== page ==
Babar Zaidi: Asset allocation is a boring term that goes viral when markets crash. But it should not be that way, because asset allocation and periodic rebalancing control the portfolio risk and ensure stability of returns in the long term. That's not merely a theory-rebalancing really works. We back-calculated and found that if an investor had put 60% in stocks, 30% in fixed income and 10% in gold in 2006 and not touched the investment, his portfolio would have earned overall returns of 10.1%. However, if he had rebalanced the portfolio every year in January, his returns would have been higher at 12% (see graphic).
1. Initially, the rebalanced portfolio fell below the static portfolio because stocks gave very high returns in 2006 and 2007.
2. But the deep correction of 2008 saw the static portfolio falling harder than the rebalanced one. It never managed to get ahead after that.
3. In 10 years, the returns of the two portfolios have a difference of 190 basis points. This gap only widens over the years.
Rebalancing is necessary because the returns from different asset classes can vary. The Nifty shot up 31% in 2014, but closed 2015 with a 4% loss. While returns from fixed income have been largely stable, gold has given volatile returns in the past 10 years. Over time, the differential returns can significantly change the asset mix of your portfolio. Rebalancing restores the portfolio to the original asset allocation, thereby controlling the risk and the returns it will generate.
ET Wealth reached out to financial planners from across India to know how small investors can rebalance their portfolios. Nearly all of them agreed that rebalancing controls the risk and enhances returns. This makes rebalancing critical in the larger context. "Only if they get reasonable returns, will small investors increase their equity investment in future," says financial planner Pankaaj Maalde.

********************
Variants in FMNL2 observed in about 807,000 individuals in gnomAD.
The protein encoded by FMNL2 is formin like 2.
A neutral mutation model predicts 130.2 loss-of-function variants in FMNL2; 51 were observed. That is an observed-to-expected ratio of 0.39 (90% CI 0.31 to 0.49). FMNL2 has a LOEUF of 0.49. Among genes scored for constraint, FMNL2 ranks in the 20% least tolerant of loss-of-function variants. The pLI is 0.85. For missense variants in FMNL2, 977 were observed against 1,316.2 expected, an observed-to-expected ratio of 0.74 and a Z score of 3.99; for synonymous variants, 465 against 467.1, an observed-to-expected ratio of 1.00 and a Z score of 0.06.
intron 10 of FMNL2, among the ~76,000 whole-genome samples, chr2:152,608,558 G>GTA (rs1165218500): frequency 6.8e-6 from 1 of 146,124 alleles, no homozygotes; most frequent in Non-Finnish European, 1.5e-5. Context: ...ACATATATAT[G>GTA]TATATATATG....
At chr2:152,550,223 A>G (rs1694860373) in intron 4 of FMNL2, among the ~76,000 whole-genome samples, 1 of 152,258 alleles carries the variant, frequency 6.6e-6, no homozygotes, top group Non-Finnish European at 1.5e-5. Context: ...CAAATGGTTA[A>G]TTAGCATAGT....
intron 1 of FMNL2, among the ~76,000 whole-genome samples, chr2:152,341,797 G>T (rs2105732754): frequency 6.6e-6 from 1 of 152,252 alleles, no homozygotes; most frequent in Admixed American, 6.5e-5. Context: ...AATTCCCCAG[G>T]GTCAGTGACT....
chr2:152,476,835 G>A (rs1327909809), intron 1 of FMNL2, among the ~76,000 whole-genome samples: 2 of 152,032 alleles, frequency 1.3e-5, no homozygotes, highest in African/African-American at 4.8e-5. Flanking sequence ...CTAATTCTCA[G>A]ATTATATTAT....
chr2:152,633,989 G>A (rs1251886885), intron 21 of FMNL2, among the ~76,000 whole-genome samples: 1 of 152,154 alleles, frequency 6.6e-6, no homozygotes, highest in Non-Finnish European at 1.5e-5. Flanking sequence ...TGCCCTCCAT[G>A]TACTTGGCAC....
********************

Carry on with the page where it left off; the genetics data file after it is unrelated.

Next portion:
What's your asset allocation? The first step in the rebalancing exercise is determining your asset allocation. Most investors don't do this. More than half (53%) the 1,436 respondents to an online survey conducted last week said they have either not fixed their asset allocation or don't follow it. "The first challenge is to work out a strategic allocation for yourself," says financial planner Prakash Praharaj.
1. To rebalance, you must know your allocation to different asset classes. Portfolio trackers like that from Value Research can be very useful.
2. Investors in balanced funds and asset allocation schemes need not rebalance. The fund manager will automatically do the needful.
Deciding the asset allocation may appear simple, but is actually a complex exercise that takes into account your income profile, risk tolerance and financial goals. The average Indian investor is risk-averse and has too little equity exposure. Even young investors who earn well prefer ultra-safe investment options even though their capacity to take risks is significantly high.
Only 11% of the respondents to the online survey chose preferred assured returns even if they were low. But more than 50% of these ultra-safe investors were aged below 40 years and 22% of them earned over Rs 1 lakh a month. "A qualified investment adviser can do a proper risk profiling of the individual and suggest the asset allocation that best suits his financial situation and investment objectives," says financial planner Vivek Rege.